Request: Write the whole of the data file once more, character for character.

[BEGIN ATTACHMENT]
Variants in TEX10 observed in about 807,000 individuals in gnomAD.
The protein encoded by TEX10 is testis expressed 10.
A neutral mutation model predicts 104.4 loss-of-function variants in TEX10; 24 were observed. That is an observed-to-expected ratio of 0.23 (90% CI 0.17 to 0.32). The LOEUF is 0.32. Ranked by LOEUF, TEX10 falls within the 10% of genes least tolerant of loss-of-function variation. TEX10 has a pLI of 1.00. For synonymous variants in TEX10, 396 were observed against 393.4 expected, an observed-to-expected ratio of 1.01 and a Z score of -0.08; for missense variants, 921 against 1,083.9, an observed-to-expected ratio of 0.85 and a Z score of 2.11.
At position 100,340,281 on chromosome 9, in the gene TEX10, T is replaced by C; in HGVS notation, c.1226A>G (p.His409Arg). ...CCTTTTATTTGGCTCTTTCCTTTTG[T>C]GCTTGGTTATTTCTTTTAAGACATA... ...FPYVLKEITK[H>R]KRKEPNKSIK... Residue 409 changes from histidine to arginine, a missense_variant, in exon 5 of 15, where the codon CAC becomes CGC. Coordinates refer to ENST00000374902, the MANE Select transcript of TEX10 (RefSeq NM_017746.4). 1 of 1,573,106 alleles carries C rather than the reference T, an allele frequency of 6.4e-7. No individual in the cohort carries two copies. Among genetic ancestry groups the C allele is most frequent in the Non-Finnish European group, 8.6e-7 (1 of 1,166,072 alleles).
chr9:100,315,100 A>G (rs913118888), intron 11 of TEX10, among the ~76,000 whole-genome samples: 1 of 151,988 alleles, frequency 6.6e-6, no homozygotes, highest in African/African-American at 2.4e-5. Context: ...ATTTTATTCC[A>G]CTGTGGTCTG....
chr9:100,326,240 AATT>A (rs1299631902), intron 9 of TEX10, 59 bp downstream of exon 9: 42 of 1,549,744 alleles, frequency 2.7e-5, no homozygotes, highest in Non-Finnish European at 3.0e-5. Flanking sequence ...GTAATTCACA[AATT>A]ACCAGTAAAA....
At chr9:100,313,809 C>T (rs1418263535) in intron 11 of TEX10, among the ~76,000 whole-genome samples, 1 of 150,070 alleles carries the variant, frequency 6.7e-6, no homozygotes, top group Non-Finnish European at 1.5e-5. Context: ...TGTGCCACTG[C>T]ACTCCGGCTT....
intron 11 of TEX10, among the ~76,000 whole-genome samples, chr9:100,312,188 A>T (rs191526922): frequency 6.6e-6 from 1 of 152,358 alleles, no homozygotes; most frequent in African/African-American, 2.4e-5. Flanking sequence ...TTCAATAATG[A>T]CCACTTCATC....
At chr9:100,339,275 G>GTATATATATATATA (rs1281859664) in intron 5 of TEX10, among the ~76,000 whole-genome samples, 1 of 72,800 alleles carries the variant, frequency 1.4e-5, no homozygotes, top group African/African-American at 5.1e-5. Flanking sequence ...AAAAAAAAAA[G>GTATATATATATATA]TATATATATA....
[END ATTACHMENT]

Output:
Variants in TEX10 observed in about 807,000 individuals in gnomAD.
The protein encoded by TEX10 is testis expressed 10.
A neutral mutation model predicts 104.4 loss-of-function variants in TEX10; 24 were observed. That is an observed-to-expected ratio of 0.23 (90% CI 0.17 to 0.32). The LOEUF is 0.32. Ranked by LOEUF, TEX10 falls within the 10% of genes least tolerant of loss-of-function variation. TEX10 has a pLI of 1.00. For synonymous variants in TEX10, 396 were observed against 393.4 expected, an observed-to-expected ratio of 1.01 and a Z score of -0.08; for missense variants, 921 against 1,083.9, an observed-to-expected ratio of 0.85 and a Z score of 2.11.
At position 100,340,281 on chromosome 9, in the gene TEX10, T is replaced by C; in HGVS notation, c.1226A>G (p.His409Arg). ...CCTTTTATTTGGCTCTTTCCTTTTG[T>C]GCTTGGTTATTTCTTTTAAGACATA... ...FPYVLKEITK[H>R]KRKEPNKSIK... Residue 409 changes from histidine to arginine, a missense_variant, in exon 5 of 15, where the codon CAC becomes CGC. Coordinates refer to ENST00000374902, the MANE Select transcript of TEX10 (RefSeq NM_017746.4). 1 of 1,573,106 alleles carries C rather than the reference T, an allele frequency of 6.4e-7. No individual in the cohort carries two copies. Among genetic ancestry groups the C allele is most frequent in the Non-Finnish European group, 8.6e-7 (1 of 1,166,072 alleles).
chr9:100,315,100 A>G (rs913118888), intron 11 of TEX10, among the ~76,000 whole-genome samples: 1 of 151,988 alleles, frequency 6.6e-6, no homozygotes, highest in African/African-American at 2.4e-5. Context: ...ATTTTATTCC[A>G]CTGTGGTCTG....
chr9:100,326,240 AATT>A (rs1299631902), intron 9 of TEX10, 59 bp downstream of exon 9: 42 of 1,549,744 alleles, frequency 2.7e-5, no homozygotes, highest in Non-Finnish European at 3.0e-5. Flanking sequence ...GTAATTCACA[AATT>A]ACCAGTAAAA....
At chr9:100,313,809 C>T (rs1418263535) in intron 11 of TEX10, among the ~76,000 whole-genome samples, 1 of 150,070 alleles carries the variant, frequency 6.7e-6, no homozygotes, top group Non-Finnish European at 1.5e-5. Context: ...TGTGCCACTG[C>T]ACTCCGGCTT....
intron 11 of TEX10, among the ~76,000 whole-genome samples, chr9:100,312,188 A>T (rs191526922): frequency 6.6e-6 from 1 of 152,358 alleles, no homozygotes; most frequent in African/African-American, 2.4e-5. Flanking sequence ...TTCAATAATG[A>T]CCACTTCATC....
At chr9:100,339,275 G>GTATATATATATATA (rs1281859664) in intron 5 of TEX10, among the ~76,000 whole-genome samples, 1 of 72,800 alleles carries the variant, frequency 1.4e-5, no homozygotes, top group African/African-American at 5.1e-5. Flanking sequence ...AAAAAAAAAA[G>GTATATATATATATA]TATATATATA....